And another thing...g

As much as a you have to admire Captain Tom, it should not be left to 100 year olds to raise money for the NHS. The NHS should not need to depend on charitable donations. It should be fully defended by government. It is not safe in Tory hands. Half of them are ideologically opposed to it in the first place



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Last edited by Trojan on Sat May 09, 2020 1:17 pm; edited 2 times in total
PostPosted:
Sat May 09, 2020 9:59 am
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Harry
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Lots of fair and interesting points made in the last couple of posts.

Some of my friends in Scotland love Sturgeon, I think there are aspects of her way of dealing with things that are better than the way Johnson and Co have gone about things...

"Sturgeon is on a collision course with Johnson. And there's no doubt who Scots trust (says Ruth Wishart of The Guardian)
Every lunchtime, Nicola Sturgeon gives a Covid-19 briefing, customarily flanked by her health secretary and the chief medical officer. Occasionally it will feature alternative personnel such as the national clinical director, or the chief constable, but Scotland’s first minister is there, front and centre, every day.
She begins with that day’s Scottish coronavirus statistics and goes on, in detail, to indicate what advice her government is getting and how that is likely to impact on its recommendations to a locked-down public.

The media questions which follow have lately concentrated on the constitutional implications of any perceived deviation from the “four nation” strategy for dealing with the virus (in which England, Wales, Scotland and Northern Ireland have the same policy). On Thursday, however, the day the English tabloids ran headlines describing Monday as “Lockdown Freedom” day, some palpable irritation burst through.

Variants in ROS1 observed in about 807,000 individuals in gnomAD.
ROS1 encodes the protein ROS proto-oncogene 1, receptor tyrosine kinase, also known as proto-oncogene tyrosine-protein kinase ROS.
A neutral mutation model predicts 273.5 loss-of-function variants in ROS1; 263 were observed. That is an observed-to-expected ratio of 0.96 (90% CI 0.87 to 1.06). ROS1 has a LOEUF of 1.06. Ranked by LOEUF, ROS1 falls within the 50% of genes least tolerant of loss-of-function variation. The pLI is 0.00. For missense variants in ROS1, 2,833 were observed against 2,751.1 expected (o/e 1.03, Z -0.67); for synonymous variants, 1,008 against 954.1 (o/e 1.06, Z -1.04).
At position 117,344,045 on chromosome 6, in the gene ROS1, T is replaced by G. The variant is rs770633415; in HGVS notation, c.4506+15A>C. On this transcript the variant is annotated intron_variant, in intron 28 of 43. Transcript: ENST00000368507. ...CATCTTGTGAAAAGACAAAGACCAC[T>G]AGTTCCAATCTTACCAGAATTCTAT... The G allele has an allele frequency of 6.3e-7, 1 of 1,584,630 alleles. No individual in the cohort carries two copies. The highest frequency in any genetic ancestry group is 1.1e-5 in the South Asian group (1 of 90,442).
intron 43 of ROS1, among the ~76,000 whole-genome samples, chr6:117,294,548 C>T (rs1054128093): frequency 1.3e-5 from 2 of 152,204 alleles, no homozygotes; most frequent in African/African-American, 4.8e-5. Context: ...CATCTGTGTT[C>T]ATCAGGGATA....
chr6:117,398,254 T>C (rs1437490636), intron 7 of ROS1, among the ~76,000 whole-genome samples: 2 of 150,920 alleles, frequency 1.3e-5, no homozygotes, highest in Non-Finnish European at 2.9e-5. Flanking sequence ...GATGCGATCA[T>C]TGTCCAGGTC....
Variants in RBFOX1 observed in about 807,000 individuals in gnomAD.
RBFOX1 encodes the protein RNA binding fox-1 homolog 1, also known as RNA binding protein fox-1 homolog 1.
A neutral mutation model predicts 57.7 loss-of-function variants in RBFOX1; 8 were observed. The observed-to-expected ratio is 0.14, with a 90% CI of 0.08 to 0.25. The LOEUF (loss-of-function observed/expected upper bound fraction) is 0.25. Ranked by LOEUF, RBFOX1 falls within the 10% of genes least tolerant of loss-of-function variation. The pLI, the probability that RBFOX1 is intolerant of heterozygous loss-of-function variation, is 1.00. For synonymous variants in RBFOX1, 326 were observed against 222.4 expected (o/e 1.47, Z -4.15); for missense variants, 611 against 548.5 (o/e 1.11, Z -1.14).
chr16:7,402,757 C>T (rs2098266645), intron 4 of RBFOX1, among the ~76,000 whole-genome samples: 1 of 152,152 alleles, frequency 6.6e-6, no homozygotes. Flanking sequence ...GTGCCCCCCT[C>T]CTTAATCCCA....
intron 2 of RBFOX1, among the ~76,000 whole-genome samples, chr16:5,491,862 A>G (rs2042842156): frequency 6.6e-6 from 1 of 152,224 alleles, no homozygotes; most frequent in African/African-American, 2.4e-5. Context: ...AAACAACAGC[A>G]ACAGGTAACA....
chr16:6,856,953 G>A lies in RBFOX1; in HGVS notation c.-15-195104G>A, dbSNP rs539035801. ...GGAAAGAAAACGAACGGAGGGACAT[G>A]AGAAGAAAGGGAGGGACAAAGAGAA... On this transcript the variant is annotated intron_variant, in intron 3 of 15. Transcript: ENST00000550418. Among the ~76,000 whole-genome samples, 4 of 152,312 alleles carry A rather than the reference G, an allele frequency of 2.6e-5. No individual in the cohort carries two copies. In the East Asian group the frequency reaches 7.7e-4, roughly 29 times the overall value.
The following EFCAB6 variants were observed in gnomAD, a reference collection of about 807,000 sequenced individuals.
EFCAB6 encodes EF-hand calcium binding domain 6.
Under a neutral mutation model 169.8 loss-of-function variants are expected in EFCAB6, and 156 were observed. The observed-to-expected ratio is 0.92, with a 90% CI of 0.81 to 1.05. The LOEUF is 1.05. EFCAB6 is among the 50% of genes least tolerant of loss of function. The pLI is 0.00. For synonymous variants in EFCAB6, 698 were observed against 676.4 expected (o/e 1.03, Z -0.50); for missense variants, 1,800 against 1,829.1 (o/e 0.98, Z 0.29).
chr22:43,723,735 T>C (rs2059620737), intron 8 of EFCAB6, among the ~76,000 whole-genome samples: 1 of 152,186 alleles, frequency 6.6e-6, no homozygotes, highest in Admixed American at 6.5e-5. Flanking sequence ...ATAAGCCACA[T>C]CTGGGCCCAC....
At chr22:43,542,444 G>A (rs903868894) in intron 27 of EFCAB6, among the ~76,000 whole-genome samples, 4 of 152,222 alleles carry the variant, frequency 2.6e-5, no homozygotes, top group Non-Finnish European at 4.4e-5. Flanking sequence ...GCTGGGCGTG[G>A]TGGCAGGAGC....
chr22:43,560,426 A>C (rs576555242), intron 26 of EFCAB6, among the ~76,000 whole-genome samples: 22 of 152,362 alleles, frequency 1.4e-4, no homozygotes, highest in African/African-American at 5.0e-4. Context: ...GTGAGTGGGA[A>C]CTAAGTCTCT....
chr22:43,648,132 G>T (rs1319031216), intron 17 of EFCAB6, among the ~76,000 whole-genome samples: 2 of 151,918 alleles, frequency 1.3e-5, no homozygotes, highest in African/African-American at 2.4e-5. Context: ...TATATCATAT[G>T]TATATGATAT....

It would have been good, Sturgeon suggested, to have learned of any proposed changes from the prime minister himself rather than from reading the front pages at midnight. It might have been useful to have been included in a Cobra meeting that day but there wasn’t one. Instead, the first minister gathered that Johnson would phone round the devolved administrations later that afternoon. Her unstated message was pretty clear – a tablet of stone from Downing Street, with the message already chiselled thereon, was no way to run a cooperative railroad.
It was the starkest illustration of a fraying partnership already strained by previous media coverage. Why was her Scottish briefing held earlier in the day, some London-based commentators had demanded? Was she trying to steal a march on the Downing Street operation? Didn’t she know her place?

Criticism of Sturgeon reached fairly farcical levels the day she was taken to task for recommending face masks in places where it’s difficult to observe social distancing. Much mockery ensued. Until, of course, the prime minister came up with the same advice two days later. Then the complaint changed to why she’d again pre-empted “the boss”.

It would be wrong to pretend the Scottish government has not made its own mistakes in response to this virus. Scotland too has had its share of tragedy in care homes, not least in a privately-run home on the island of Skye, in the constituency of SNP Westminster leader, Ian Blackford. But the government has set up a specific email hotline to deal with gaps in PPE provision. And it recently took delivery of a massive supply bought and airlifted from China.

Yet there has been a very discernible difference in tone, manner and transparency in the daily briefings. The Scottish government, having insisted it wanted a grownup conversation with the public, has published a series of papers over the weeks outlining what it has been told, and how that will inform future judgments. There has also been no apparent rift in Sturgeon’s cabinet over the economic impact of a lengthy shutdown. They insist that saving lives is the first priority.